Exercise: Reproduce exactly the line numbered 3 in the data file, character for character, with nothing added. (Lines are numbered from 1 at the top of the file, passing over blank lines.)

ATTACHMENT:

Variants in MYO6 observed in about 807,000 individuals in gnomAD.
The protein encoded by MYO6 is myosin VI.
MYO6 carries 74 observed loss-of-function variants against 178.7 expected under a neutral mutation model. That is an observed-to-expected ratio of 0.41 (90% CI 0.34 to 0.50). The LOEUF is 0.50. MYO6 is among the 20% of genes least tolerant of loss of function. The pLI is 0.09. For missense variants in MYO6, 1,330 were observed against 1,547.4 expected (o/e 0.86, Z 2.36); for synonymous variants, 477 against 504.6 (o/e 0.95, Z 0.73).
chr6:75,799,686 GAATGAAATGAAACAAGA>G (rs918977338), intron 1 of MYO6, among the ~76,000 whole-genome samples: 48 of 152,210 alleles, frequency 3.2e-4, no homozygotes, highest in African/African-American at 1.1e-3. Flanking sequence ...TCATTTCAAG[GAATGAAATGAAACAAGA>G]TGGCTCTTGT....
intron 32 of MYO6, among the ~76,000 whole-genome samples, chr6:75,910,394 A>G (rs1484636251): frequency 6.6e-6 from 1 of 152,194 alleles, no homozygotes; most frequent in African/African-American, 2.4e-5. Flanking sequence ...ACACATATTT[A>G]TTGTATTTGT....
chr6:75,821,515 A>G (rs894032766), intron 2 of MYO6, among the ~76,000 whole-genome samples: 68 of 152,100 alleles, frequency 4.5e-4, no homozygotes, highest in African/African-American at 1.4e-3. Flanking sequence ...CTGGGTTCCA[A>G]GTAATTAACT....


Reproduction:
MYO6 carries 74 observed loss-of-function variants against 178.7 expected under a neutral mutation model. That is an observed-to-expected ratio of 0.41 (90% CI 0.34 to 0.50). The LOEUF is 0.50. MYO6 is among the 20% of genes least tolerant of loss of function. The pLI is 0.09. For missense variants in MYO6, 1,330 were observed against 1,547.4 expected (o/e 0.86, Z 2.36); for synonymous variants, 477 against 504.6 (o/e 0.95, Z 0.73).